The tradition of the king’s cake in France!

So now we are in 2020 and the new year starts with all those usual new year’s resolution. And we get on with an old tradition of the King’s cake or Galette des Rois which we have taken as a French family very fond of.

We have multiple passports and lived in several countries so we carry on the tradition of many as well which we find family uplifting. One going on now in my beloved Spain with preparations is the wonderful story of the 3 Wise Kings who on Epiphany day usually falling on January 6 , we give gifts to our children as the kings gave to the enfant Jesus in Bethlehem. However, we give now one gift hehehe and on December 25th. The January 6 tradition is kept ceremoniously .

Let me tell you here about the Galette des Rois (king’s cake) we are just having again this afternoon!  The Galette des rois is a galette traditionally made and consumed in most of France, on the occasion of the Epiphany, Christian feast which celebrates the visit of the three wise men to the baby Jesus, celebrated on January 6 of each year .

This cake is also sometimes called Parisienne in the regions of the south of France where one consumes not the Galette but the cake of the kings. In most of France, the galette des rois is originally a pancake made from puff pastry, simply browned in the oven and eaten with jams; it can also be stuffed with various preparations: frangipane, fruit, creams, chocolate, frangipane mixed with applesauce, for example. In the extreme south of France, the use for the Epiphany is to prepare the cake of kings, a large sweet bread, in the shape of a crown, with a more or less airy dough and scented with flower water. orange. The person who discovers the bean has the right to wear a fancy crown and then chooses his queen or king.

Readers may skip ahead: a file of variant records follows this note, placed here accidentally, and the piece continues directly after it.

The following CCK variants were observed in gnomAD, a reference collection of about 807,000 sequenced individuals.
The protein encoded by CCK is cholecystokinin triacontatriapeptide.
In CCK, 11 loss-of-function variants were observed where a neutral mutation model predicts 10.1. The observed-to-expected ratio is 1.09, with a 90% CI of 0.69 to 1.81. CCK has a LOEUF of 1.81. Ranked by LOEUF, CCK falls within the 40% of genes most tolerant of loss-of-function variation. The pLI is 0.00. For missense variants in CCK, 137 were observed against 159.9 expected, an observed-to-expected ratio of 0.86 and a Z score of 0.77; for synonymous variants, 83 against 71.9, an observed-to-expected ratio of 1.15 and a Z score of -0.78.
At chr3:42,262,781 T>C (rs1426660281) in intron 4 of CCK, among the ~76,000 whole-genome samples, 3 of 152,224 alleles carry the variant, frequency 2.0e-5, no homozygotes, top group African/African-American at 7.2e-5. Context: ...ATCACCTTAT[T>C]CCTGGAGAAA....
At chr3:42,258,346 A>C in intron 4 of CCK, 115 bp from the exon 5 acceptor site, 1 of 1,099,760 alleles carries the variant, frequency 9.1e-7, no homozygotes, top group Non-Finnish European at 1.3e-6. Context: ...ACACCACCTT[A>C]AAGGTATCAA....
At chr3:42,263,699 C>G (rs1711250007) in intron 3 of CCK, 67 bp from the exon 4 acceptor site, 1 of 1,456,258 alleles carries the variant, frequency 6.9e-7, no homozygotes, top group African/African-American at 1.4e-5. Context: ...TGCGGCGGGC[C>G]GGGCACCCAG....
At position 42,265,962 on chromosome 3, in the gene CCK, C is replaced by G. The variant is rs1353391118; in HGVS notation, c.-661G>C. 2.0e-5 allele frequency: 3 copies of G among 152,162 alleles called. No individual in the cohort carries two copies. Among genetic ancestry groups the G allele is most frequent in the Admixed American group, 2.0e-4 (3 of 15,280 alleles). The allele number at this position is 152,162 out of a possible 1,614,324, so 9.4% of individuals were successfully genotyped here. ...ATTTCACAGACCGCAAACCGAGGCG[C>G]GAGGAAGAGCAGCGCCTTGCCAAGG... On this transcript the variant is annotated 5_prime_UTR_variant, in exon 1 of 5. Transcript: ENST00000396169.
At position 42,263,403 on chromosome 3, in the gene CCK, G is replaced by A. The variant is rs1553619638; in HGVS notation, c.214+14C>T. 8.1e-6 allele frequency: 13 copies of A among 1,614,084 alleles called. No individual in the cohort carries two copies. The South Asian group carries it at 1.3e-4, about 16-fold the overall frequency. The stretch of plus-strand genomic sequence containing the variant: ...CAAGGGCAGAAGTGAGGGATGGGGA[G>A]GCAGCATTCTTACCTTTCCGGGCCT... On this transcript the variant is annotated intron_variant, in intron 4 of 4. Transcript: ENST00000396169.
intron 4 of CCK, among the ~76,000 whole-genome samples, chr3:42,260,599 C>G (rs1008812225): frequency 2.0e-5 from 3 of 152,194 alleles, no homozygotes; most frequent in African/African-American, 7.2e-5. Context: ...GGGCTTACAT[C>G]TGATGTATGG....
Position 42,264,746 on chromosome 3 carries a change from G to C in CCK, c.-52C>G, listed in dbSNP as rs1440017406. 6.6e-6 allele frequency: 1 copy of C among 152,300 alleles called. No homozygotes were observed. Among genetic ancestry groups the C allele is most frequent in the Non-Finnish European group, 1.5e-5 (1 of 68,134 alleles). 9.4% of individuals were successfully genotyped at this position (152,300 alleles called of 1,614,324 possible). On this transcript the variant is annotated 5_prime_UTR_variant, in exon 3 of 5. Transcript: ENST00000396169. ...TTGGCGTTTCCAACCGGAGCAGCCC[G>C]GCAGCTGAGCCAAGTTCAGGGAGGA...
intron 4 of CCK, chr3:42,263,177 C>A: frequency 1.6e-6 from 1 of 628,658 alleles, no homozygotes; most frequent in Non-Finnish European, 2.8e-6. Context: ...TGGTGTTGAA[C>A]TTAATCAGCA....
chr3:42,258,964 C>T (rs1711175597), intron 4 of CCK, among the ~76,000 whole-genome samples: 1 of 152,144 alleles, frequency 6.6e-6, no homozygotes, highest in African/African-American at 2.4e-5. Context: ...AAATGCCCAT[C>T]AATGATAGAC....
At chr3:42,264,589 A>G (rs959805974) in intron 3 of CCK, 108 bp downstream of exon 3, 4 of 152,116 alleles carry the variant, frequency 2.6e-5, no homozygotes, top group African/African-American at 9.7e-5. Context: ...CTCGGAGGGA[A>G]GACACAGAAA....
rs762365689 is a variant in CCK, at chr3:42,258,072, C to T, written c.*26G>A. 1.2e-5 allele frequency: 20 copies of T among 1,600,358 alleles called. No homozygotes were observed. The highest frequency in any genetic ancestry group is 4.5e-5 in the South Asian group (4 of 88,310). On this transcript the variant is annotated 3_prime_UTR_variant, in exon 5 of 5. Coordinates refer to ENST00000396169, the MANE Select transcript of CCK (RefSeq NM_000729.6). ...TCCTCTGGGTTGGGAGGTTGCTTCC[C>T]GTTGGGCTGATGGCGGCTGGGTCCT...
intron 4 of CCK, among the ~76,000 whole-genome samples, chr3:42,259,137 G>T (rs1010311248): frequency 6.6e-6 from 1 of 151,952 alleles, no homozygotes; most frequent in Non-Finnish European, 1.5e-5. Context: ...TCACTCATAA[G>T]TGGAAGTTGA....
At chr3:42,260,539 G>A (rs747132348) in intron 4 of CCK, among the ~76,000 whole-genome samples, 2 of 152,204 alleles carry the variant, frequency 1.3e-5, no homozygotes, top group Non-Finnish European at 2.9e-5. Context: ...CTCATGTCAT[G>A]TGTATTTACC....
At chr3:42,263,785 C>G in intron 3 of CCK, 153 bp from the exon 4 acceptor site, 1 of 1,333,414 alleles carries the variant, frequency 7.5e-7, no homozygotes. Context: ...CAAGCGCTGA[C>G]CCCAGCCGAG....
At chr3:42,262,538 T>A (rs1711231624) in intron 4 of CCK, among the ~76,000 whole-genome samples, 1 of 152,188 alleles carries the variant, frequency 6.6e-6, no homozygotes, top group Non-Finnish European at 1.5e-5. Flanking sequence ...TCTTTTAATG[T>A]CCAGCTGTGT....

A bit of history I like

The Galette des rois has its origins in Saturnalia (Roman festivals located between the end of December and the beginning of January), during which the Romans designated a slave as “king for a day” . During the banquet (at the beginning or at the end of the Saturnalia, according to the different eras of ancient Rome) within each great family, the Romans used the bean of a cake as if to draw lots for the “Saturnalicius princeps” (Prince of Saturnalia or of disorder) . The “king of a day” had the power to grant all his wishes during the day (like giving orders to his master) before being put to death, or more likely to return to his servile life. This made it possible to tighten domestic affections.

The sharing of the cake is also associated with the celebration of the Magi during the Epiphany, for Christians. Many French kings followed the tradition more or less and Louis XIV always retained the use of the cake of kings, even at a time when his court was subject to a rigorous label.

When the French revolution came, the very name “cake of kings” was a danger. a decree of the Commune having changed, in the session of December 31, 1791, the day of the kings in “day of the sans-culottes” (,sans-culotte, which is opposed to that of the Aristocrats as in opposite meaning) the cake had no longer its raison d’être. This disappearance was, however, only momentary because the sans-culottes having renamed the Epiphany to “feast of the Good Neighbor and the Galette of equality”.